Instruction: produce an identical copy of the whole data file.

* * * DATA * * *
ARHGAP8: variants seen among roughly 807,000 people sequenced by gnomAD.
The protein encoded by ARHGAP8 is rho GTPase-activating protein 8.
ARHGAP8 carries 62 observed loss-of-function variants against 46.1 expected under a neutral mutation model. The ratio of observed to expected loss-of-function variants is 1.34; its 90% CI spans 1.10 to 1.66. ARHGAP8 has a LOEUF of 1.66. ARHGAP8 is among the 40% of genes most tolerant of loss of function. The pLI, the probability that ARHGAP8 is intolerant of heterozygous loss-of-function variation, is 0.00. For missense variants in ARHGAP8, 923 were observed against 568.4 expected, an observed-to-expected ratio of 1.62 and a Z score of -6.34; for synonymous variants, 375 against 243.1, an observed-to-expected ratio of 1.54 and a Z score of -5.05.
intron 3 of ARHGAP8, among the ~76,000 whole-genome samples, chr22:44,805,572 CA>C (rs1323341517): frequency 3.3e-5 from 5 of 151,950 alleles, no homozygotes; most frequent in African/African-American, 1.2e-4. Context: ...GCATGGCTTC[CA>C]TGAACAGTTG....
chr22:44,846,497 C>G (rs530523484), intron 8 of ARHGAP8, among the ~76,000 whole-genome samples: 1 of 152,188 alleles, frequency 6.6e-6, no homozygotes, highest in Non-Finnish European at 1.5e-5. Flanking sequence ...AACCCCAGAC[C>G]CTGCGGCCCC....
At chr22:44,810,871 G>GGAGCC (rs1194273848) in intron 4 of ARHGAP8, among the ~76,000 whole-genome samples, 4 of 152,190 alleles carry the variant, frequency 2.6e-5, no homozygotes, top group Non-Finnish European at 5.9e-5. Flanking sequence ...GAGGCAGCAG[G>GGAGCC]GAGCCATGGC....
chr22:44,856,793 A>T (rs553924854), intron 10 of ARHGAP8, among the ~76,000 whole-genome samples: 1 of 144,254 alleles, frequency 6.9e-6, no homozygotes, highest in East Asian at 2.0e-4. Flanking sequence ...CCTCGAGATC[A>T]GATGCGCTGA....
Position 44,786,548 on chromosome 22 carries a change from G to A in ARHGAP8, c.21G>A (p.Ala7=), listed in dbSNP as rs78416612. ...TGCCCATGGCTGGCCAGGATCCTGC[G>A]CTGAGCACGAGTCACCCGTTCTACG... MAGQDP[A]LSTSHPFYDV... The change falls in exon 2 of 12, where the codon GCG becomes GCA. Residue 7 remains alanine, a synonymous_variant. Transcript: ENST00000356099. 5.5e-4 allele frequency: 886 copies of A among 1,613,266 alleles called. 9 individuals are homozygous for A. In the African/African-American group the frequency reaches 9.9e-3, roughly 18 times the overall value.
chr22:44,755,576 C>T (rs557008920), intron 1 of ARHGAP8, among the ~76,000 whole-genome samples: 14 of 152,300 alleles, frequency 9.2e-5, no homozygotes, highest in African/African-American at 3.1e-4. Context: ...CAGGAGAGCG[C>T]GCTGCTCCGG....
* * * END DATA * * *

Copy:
ARHGAP8: variants seen among roughly 807,000 people sequenced by gnomAD.
The protein encoded by ARHGAP8 is rho GTPase-activating protein 8.
ARHGAP8 carries 62 observed loss-of-function variants against 46.1 expected under a neutral mutation model. The ratio of observed to expected loss-of-function variants is 1.34; its 90% CI spans 1.10 to 1.66. ARHGAP8 has a LOEUF of 1.66. ARHGAP8 is among the 40% of genes most tolerant of loss of function. The pLI, the probability that ARHGAP8 is intolerant of heterozygous loss-of-function variation, is 0.00. For missense variants in ARHGAP8, 923 were observed against 568.4 expected, an observed-to-expected ratio of 1.62 and a Z score of -6.34; for synonymous variants, 375 against 243.1, an observed-to-expected ratio of 1.54 and a Z score of -5.05.
intron 3 of ARHGAP8, among the ~76,000 whole-genome samples, chr22:44,805,572 CA>C (rs1323341517): frequency 3.3e-5 from 5 of 151,950 alleles, no homozygotes; most frequent in African/African-American, 1.2e-4. Context: ...GCATGGCTTC[CA>C]TGAACAGTTG....
chr22:44,846,497 C>G (rs530523484), intron 8 of ARHGAP8, among the ~76,000 whole-genome samples: 1 of 152,188 alleles, frequency 6.6e-6, no homozygotes, highest in Non-Finnish European at 1.5e-5. Flanking sequence ...AACCCCAGAC[C>G]CTGCGGCCCC....
At chr22:44,810,871 G>GGAGCC (rs1194273848) in intron 4 of ARHGAP8, among the ~76,000 whole-genome samples, 4 of 152,190 alleles carry the variant, frequency 2.6e-5, no homozygotes, top group Non-Finnish European at 5.9e-5. Flanking sequence ...GAGGCAGCAG[G>GGAGCC]GAGCCATGGC....
chr22:44,856,793 A>T (rs553924854), intron 10 of ARHGAP8, among the ~76,000 whole-genome samples: 1 of 144,254 alleles, frequency 6.9e-6, no homozygotes, highest in East Asian at 2.0e-4. Flanking sequence ...CCTCGAGATC[A>T]GATGCGCTGA....
Position 44,786,548 on chromosome 22 carries a change from G to A in ARHGAP8, c.21G>A (p.Ala7=), listed in dbSNP as rs78416612. ...TGCCCATGGCTGGCCAGGATCCTGC[G>A]CTGAGCACGAGTCACCCGTTCTACG... MAGQDP[A]LSTSHPFYDV... The change falls in exon 2 of 12, where the codon GCG becomes GCA. Residue 7 remains alanine, a synonymous_variant. Transcript: ENST00000356099. 5.5e-4 allele frequency: 886 copies of A among 1,613,266 alleles called. 9 individuals are homozygous for A. In the African/African-American group the frequency reaches 9.9e-3, roughly 18 times the overall value.
chr22:44,755,576 C>T (rs557008920), intron 1 of ARHGAP8, among the ~76,000 whole-genome samples: 14 of 152,300 alleles, frequency 9.2e-5, no homozygotes, highest in African/African-American at 3.1e-4. Context: ...CAGGAGAGCG[C>T]GCTGCTCCGG....